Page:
Book Review: Heaven’s Shadow by Michael Cassutt and David S. Goyer

Heaven’s Shadow is a near-future science fiction story. The authors must know something about  how the American space program and the astronaut office work, or they could not have pulled this off. The details of how mission control drives an Apollo-like mission, from inception, to execution, comes through.

The story plays in the 2010 to 2020 timeframe. A near earth object is discovered. Two separate space missions initially targeted as trips to the moon, one by NASA, the other by a coalition of agencies in Russia, India and Brazil, are quickly refitted to land on the near earth object instead.

The object turns out to be something that was not expected, and  alien contact ensues. Much goes wrong.

Cassutt and Goyer tell a nice, fast-paced science fiction story that had me turning the pages, wanting to find out more. It’s the first book of a trilogy, and it was structured with an ending that sets it up for more. Reviewers have likened this to the Rama series of Clarke, and there are indeed parallels.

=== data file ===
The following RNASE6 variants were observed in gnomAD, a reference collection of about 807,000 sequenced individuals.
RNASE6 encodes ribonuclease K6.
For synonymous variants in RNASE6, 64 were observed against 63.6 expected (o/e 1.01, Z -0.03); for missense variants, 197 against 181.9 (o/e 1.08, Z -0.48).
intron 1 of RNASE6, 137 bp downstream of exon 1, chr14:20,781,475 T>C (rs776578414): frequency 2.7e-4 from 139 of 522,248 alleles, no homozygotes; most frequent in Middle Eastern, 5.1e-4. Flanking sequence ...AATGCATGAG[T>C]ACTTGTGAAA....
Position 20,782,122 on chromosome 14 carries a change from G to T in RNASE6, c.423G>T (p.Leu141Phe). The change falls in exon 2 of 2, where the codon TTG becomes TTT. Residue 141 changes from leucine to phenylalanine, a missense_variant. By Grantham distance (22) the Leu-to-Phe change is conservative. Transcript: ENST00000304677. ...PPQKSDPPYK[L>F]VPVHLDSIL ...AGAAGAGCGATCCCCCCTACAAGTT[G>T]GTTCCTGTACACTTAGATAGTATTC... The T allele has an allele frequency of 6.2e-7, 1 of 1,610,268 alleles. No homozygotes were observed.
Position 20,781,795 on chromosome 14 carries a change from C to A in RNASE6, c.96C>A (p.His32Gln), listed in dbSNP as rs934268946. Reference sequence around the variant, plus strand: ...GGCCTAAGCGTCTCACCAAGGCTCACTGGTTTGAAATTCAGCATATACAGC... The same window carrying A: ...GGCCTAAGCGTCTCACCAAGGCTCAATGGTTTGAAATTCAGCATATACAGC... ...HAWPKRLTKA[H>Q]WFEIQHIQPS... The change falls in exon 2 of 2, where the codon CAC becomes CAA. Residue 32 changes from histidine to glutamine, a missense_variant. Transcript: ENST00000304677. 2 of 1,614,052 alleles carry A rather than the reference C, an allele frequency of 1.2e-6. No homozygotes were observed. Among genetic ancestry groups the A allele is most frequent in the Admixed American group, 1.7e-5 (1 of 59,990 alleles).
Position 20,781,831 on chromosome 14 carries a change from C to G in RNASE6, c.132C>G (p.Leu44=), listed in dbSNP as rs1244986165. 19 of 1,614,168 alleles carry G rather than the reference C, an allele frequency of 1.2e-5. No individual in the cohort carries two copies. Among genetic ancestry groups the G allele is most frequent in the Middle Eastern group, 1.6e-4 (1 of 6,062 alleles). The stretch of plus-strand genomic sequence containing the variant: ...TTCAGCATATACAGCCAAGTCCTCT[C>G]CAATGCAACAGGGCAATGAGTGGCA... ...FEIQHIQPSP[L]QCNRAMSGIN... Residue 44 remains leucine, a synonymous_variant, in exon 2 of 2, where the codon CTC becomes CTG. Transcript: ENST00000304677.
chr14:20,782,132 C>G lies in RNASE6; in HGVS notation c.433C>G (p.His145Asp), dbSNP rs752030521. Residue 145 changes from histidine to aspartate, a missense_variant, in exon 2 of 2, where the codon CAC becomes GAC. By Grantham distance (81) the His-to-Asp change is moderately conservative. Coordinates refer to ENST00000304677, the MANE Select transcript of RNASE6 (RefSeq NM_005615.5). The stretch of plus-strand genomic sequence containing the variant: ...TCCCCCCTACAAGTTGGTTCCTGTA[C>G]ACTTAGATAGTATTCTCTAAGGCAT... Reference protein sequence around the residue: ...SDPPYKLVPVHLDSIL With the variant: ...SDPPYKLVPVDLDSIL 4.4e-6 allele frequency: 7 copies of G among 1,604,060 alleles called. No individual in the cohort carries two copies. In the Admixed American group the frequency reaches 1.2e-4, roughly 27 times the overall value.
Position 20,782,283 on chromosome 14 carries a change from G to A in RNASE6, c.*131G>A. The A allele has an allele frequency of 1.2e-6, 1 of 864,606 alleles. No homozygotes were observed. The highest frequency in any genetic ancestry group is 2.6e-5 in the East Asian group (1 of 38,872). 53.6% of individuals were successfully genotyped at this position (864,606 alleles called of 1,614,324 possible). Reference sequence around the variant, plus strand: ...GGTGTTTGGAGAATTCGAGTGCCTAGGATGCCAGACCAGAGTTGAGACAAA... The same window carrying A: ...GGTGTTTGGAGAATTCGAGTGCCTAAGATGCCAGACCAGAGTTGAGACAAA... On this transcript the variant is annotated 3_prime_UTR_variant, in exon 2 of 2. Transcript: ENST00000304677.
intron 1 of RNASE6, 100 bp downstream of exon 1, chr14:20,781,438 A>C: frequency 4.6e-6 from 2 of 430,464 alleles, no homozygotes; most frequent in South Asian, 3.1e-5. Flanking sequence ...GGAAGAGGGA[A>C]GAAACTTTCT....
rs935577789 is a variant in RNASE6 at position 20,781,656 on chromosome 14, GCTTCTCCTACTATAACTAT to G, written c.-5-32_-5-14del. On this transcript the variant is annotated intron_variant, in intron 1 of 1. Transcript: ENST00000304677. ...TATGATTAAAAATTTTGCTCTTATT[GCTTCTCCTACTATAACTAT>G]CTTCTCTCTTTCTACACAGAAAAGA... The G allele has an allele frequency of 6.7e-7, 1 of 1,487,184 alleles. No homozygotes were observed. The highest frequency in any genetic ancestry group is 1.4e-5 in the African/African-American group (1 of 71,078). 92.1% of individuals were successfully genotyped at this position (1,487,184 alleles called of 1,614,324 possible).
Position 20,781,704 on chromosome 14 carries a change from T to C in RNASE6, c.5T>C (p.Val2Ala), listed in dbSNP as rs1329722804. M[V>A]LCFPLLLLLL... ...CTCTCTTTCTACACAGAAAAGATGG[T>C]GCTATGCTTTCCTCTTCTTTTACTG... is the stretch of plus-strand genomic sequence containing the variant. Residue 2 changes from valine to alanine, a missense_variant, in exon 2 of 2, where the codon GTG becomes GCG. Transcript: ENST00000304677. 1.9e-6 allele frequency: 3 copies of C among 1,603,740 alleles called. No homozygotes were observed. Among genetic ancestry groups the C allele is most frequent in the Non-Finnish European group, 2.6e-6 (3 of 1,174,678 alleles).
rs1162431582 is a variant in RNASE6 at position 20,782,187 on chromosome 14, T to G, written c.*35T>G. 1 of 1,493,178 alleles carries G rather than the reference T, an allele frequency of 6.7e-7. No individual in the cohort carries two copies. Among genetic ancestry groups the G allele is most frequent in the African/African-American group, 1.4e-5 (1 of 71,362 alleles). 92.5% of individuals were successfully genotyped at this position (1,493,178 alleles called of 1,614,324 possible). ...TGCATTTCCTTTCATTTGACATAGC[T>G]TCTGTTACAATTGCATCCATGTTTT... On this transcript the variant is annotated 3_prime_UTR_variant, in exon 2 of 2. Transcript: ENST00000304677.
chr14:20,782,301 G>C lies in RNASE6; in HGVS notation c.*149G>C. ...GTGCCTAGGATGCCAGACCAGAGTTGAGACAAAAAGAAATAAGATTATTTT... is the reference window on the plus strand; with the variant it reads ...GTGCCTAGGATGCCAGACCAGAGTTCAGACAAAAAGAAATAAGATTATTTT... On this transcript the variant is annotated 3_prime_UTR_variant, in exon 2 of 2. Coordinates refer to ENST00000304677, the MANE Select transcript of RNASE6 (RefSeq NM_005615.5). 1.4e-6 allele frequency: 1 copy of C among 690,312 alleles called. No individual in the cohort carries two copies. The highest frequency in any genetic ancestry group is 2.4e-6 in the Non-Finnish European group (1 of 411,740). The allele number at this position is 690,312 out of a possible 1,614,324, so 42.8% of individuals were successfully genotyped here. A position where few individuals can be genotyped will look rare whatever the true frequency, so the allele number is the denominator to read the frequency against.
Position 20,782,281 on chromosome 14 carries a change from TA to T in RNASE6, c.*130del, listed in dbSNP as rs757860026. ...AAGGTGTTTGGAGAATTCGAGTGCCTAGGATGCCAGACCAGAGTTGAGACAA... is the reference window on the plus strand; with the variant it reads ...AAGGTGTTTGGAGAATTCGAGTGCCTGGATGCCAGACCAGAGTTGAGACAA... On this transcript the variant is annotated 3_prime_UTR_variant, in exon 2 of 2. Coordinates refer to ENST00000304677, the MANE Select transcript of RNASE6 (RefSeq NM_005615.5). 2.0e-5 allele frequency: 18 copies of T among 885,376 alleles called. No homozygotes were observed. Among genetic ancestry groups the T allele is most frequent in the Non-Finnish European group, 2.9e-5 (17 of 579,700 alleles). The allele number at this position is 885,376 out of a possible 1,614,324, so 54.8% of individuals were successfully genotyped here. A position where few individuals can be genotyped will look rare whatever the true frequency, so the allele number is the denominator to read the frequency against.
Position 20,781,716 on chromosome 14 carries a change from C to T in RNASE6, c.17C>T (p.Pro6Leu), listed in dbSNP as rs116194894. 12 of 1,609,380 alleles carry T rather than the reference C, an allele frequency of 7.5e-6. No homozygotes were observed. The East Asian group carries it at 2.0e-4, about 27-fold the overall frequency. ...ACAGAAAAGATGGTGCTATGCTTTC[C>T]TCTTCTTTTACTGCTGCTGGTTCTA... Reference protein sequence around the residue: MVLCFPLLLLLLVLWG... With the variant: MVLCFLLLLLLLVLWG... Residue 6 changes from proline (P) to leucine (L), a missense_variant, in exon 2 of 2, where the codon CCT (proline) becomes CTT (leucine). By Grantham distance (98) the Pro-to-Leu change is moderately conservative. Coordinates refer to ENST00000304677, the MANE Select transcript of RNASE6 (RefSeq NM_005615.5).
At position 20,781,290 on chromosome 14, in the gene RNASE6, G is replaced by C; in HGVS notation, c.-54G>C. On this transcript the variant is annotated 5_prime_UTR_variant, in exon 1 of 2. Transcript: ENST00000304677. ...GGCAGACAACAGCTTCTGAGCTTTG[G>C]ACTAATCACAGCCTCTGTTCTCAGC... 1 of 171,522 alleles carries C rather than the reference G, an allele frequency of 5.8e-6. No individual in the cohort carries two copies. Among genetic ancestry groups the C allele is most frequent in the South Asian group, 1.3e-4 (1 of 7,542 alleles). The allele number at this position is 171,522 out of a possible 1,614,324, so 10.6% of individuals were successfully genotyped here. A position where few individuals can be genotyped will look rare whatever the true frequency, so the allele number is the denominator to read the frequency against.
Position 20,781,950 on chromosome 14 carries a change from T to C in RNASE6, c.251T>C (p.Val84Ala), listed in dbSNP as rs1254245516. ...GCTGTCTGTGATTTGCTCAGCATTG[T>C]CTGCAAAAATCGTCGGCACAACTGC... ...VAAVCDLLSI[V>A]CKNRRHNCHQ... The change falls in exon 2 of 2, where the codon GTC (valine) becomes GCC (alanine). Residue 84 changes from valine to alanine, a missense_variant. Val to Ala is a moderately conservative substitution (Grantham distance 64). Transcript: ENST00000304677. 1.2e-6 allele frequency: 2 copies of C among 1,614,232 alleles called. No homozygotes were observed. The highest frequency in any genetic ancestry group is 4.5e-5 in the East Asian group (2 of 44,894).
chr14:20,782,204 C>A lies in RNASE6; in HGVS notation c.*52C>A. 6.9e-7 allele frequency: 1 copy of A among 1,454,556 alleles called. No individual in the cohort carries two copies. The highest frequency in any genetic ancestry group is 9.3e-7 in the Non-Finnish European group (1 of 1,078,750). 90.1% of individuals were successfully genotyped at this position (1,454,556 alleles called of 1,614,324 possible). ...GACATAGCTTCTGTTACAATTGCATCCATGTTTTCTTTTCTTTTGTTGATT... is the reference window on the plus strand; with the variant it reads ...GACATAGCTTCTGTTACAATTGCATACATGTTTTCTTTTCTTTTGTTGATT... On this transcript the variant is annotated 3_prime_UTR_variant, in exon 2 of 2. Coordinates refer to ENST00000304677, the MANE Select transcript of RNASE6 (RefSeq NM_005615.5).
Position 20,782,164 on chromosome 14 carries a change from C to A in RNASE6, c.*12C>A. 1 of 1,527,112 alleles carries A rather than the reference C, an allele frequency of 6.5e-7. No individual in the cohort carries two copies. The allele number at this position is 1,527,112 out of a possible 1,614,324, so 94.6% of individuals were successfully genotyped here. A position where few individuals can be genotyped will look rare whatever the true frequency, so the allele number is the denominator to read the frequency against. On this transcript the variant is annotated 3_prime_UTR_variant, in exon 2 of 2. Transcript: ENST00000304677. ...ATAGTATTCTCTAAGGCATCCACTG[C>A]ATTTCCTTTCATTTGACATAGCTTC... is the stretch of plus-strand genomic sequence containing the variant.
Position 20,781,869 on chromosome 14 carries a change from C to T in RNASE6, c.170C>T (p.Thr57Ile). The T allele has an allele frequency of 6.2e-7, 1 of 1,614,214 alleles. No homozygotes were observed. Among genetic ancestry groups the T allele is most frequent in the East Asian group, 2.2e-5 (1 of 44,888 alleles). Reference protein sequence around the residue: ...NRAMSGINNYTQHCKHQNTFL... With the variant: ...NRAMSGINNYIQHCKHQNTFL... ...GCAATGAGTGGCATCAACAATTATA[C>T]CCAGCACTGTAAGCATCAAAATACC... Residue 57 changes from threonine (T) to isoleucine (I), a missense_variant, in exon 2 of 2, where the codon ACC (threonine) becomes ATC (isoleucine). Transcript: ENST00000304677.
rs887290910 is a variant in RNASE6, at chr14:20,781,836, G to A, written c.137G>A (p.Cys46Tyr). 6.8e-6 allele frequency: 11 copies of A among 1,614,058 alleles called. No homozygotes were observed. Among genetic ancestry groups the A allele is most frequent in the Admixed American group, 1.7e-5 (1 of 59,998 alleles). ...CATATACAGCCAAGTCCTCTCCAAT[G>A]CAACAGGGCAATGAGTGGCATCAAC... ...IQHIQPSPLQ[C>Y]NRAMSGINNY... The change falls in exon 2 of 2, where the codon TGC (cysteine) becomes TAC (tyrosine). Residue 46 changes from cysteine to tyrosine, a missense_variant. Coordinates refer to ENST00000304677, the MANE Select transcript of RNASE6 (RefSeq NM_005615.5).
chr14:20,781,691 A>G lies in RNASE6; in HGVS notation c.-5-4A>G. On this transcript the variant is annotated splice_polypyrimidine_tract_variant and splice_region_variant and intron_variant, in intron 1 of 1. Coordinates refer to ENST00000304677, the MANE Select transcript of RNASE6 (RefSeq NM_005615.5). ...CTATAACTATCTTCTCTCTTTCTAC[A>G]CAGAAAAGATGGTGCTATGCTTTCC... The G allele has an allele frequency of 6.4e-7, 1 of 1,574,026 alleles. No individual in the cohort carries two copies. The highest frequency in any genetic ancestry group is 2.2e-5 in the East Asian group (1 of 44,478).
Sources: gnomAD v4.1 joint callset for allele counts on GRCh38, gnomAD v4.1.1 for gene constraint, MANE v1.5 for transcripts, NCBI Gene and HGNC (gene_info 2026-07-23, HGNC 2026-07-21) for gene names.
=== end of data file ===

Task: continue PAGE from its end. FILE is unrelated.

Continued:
There are a number of things, however, that got in the way for me. The technique of alternating chapters, one leading a thread of action moving the story forward, and the other giving a background on the astronauts and mission controllers to round out the characters, was awkward for me. The background chapters slowed down the action and I found myself not really caring about what happened several years ago. I wanted to know what was going on now. Why take me back? I kept fast-forwarding. Most of the background exposition really wasn’t needed.

The astronauts also didn’t act like astronauts would. They did dumb things, made silly statements and brought most of their peril about due to their stupid decisions. I understand that was necessary for the story line, otherwise there would have been no story. It just was done in a way that didn’t ring believable and credible.

The aliens also didn’t work for me. The descriptions were vague, the alien mission didn’t make sense, and their entire strategy and objective seemed contrived, especially considering the action of the last quarter of the book.

In summary, it was a good, fast-paced read. The near-future point of view was refreshing. The execution was pedestrian and clumsy. But the subject matter and story kept me engaged. I’ll read the sequel when it comes out.

Rating: **

Leave a Reply